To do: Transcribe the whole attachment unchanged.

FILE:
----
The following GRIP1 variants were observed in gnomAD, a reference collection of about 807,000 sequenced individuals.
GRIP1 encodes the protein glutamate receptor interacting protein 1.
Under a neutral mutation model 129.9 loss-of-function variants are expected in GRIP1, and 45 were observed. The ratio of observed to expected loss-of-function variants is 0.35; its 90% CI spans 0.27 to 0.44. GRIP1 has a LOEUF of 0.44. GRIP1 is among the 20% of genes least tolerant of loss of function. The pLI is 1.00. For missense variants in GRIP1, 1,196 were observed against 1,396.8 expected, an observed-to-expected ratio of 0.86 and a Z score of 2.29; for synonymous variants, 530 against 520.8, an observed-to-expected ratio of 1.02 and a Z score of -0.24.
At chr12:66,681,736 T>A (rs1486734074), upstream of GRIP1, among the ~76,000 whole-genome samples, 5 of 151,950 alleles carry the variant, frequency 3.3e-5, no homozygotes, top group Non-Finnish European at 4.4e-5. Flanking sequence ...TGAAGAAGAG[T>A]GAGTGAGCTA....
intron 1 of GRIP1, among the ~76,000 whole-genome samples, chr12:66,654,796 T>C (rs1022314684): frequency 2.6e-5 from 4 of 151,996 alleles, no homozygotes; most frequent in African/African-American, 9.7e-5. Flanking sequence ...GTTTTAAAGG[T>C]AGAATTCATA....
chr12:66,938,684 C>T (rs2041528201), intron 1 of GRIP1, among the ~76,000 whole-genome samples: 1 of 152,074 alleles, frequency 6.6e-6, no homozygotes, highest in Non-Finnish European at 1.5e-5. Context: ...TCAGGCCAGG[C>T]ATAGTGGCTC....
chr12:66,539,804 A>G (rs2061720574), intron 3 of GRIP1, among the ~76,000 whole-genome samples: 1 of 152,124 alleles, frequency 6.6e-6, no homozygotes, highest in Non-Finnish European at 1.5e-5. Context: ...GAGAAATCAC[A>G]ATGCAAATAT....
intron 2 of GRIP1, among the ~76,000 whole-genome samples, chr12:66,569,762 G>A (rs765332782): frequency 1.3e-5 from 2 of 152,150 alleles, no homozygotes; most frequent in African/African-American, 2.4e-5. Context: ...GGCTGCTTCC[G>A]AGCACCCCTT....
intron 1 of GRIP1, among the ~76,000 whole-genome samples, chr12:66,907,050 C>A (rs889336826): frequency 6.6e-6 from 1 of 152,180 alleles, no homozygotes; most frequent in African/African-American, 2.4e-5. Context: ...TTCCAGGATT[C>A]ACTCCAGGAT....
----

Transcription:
The following GRIP1 variants were observed in gnomAD, a reference collection of about 807,000 sequenced individuals.
GRIP1 encodes the protein glutamate receptor interacting protein 1.
Under a neutral mutation model 129.9 loss-of-function variants are expected in GRIP1, and 45 were observed. The ratio of observed to expected loss-of-function variants is 0.35; its 90% CI spans 0.27 to 0.44. GRIP1 has a LOEUF of 0.44. GRIP1 is among the 20% of genes least tolerant of loss of function. The pLI is 1.00. For missense variants in GRIP1, 1,196 were observed against 1,396.8 expected, an observed-to-expected ratio of 0.86 and a Z score of 2.29; for synonymous variants, 530 against 520.8, an observed-to-expected ratio of 1.02 and a Z score of -0.24.
At chr12:66,681,736 T>A (rs1486734074), upstream of GRIP1, among the ~76,000 whole-genome samples, 5 of 151,950 alleles carry the variant, frequency 3.3e-5, no homozygotes, top group Non-Finnish European at 4.4e-5. Flanking sequence ...TGAAGAAGAG[T>A]GAGTGAGCTA....
intron 1 of GRIP1, among the ~76,000 whole-genome samples, chr12:66,654,796 T>C (rs1022314684): frequency 2.6e-5 from 4 of 151,996 alleles, no homozygotes; most frequent in African/African-American, 9.7e-5. Flanking sequence ...GTTTTAAAGG[T>C]AGAATTCATA....
chr12:66,938,684 C>T (rs2041528201), intron 1 of GRIP1, among the ~76,000 whole-genome samples: 1 of 152,074 alleles, frequency 6.6e-6, no homozygotes, highest in Non-Finnish European at 1.5e-5. Context: ...TCAGGCCAGG[C>T]ATAGTGGCTC....
chr12:66,539,804 A>G (rs2061720574), intron 3 of GRIP1, among the ~76,000 whole-genome samples: 1 of 152,124 alleles, frequency 6.6e-6, no homozygotes, highest in Non-Finnish European at 1.5e-5. Context: ...GAGAAATCAC[A>G]ATGCAAATAT....
intron 2 of GRIP1, among the ~76,000 whole-genome samples, chr12:66,569,762 G>A (rs765332782): frequency 1.3e-5 from 2 of 152,150 alleles, no homozygotes; most frequent in African/African-American, 2.4e-5. Context: ...GGCTGCTTCC[G>A]AGCACCCCTT....
intron 1 of GRIP1, among the ~76,000 whole-genome samples, chr12:66,907,050 C>A (rs889336826): frequency 6.6e-6 from 1 of 152,180 alleles, no homozygotes; most frequent in African/African-American, 2.4e-5. Context: ...TTCCAGGATT[C>A]ACTCCAGGAT....